A deduction that allows many small businesses to take the first $250,000 of their income tax-free was cut back significantly in the Ohio House version of the budget. But senators may not vote to keep the change.
Peter Lohmann runs a property management company in Columbus, employing 12 people. He said he got a big refund this year courtesy of the small business tax deduction for sole proprietorships, partnerships and LLCs. His accountant had suggested not taking it in the past, but then filed an adjustment for the last three tax years to include the deduction.
“Were it not for this deduction, I would be paying essentially the same rate as a Fortune 500 company that was headquartered here in Ohio—actually, probably even a higher rate, because they would probably get all kinds of other deductions that we don’t have access to,” Lohmann said.
Lohmann isn’t pleased that the House pulled that income threshold from the first $250,000 in income tax-free back to the first $100,000. It’s estimated that could bring in $193 million in revenue, which House leaders say can go to children’s initiatives, education and other investments.
But Senate Finance Chair Matt Dolan said he’s not ready to make that change.
“We're going to probably look to see, is that loophole real and can we correct it? Because I understand it is a tax increase,” Dolan says. “And it's a tax increase on the very people that we want to help and that is the mechanic the pizza shop, the salon, the small manufacturers.”
The tax cut was passed in 2013, then phased into effect.
Zach Schiller with the progressive research group Policy Matters Ohio said the deduction hasn’t created job growth and that most business owners who claim the deduction don’t get enough from it to create even one job.
“To me, I see it as it’s like flying an airplane over the state of Ohio and throwing money over the side," Schiller said.
Speaker Larry Householder hinted at that when he talked about why the House budget cut the income threshold back to $100,000.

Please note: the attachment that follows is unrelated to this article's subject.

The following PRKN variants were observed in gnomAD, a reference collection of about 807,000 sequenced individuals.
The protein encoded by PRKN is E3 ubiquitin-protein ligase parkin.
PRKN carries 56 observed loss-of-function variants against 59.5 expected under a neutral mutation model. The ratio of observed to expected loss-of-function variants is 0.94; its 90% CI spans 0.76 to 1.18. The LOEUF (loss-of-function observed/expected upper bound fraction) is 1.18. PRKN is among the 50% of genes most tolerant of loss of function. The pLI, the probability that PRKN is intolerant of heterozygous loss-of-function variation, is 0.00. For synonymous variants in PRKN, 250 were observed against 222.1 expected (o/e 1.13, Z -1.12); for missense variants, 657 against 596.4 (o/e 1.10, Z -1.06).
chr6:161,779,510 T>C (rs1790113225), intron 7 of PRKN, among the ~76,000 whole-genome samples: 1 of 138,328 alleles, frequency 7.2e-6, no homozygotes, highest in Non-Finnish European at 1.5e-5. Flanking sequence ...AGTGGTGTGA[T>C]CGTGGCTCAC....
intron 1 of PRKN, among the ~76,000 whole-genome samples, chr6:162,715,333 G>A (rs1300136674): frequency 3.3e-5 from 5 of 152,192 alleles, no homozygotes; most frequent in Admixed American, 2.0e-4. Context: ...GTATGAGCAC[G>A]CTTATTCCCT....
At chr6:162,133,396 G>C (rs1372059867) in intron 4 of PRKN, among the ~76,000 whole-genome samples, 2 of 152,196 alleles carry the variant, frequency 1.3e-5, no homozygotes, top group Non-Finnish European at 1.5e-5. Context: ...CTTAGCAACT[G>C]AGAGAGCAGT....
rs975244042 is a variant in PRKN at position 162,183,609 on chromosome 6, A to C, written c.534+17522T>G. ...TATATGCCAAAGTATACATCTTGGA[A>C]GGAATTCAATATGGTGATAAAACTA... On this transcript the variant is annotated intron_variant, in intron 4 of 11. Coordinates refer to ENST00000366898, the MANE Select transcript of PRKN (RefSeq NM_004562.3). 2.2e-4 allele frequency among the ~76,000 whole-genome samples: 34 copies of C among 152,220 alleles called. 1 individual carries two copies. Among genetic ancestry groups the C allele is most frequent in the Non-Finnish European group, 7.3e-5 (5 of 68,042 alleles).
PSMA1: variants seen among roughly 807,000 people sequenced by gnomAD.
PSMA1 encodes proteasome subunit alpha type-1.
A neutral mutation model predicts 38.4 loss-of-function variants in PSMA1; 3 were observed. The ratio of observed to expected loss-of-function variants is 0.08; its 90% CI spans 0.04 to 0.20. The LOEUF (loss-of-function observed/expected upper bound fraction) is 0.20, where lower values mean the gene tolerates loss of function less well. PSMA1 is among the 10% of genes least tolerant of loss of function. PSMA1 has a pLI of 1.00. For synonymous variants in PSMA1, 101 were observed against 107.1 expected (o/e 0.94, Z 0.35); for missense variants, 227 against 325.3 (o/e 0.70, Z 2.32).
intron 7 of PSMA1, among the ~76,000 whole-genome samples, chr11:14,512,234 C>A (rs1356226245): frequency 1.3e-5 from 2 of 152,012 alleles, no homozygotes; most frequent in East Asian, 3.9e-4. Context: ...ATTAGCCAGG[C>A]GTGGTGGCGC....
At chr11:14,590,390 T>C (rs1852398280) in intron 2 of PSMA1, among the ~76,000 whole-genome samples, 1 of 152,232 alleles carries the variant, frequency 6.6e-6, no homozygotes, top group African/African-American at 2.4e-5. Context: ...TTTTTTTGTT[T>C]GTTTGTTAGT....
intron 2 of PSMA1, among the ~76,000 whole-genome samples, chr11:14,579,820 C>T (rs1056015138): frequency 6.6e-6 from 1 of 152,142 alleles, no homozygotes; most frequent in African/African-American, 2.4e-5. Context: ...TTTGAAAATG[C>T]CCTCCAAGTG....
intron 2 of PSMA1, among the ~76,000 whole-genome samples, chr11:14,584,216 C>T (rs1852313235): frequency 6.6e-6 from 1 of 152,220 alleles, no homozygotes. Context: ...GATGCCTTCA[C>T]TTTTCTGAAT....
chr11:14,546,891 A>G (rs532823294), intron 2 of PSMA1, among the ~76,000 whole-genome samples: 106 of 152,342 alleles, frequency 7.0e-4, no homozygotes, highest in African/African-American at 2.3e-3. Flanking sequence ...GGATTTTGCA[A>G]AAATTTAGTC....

“We think that when you get above that number, it starts to stray a little bit, and we’re probably taking care of some folks that are putting it in the bank or putting it in their pocket," Householder said.
The cost to the state also concerned opponents. The tax break took some blame for Ohio’s $900 million budget shortfall in 2017, when the deduction was fully phased in. Its defenders, though, said there was no evidence to point to it as the reason.
Democrats have long said it’s a problem. In February, House Minority Leader Emilia Sykes said she wanted to take a hard look at it during the budget process.
“That costs us about $1 billion a year,” Sykes said. “And there is an opportunity for us to revisit that.”
They got their change in the House budget, which passed overwhelmingly, with only two Democrats among the nine votes against it.
But as he looks at the budget, Dolan said he’s not convinced it needs to be altered—especially since new numbers from the Office of Budget and Management show income tax collections are up nearly 4% for the tax year.
“If it's costing the state all this money, how come we have a great surplus? So, make sure when you pay attention – things are working you don't necessarily need to make drastic changes because they're working,” Dolan said. “So maybe we let this play out a little bit longer.”
Lohmann heard the complaints that the deduction benefits mostly people who aren’t using it to create jobs. But he says it’s still helping small businesses owners across the state.
“They’re just people who happen to own a business in the neighborhood,” Lohmann said. “Some of them are doing fine. Some of them are actually making worse than they would if they just went and got a normal job. I do think it’s a little bit unfair that we’re lumping in this small business owner tax deduction with a lot of the big write-offs that make headlines that people take issue with.”
It’s estimated that 86% of businesses that claim the tax break now would still be eligible under the change.
While businesses say it’s not fair to call the deduction a giveaway to the rich, it’s been estimated that nearly all those who claim that deduction are in the top 10% of income earners in the state—though the Ohio Department of Taxation disputes this.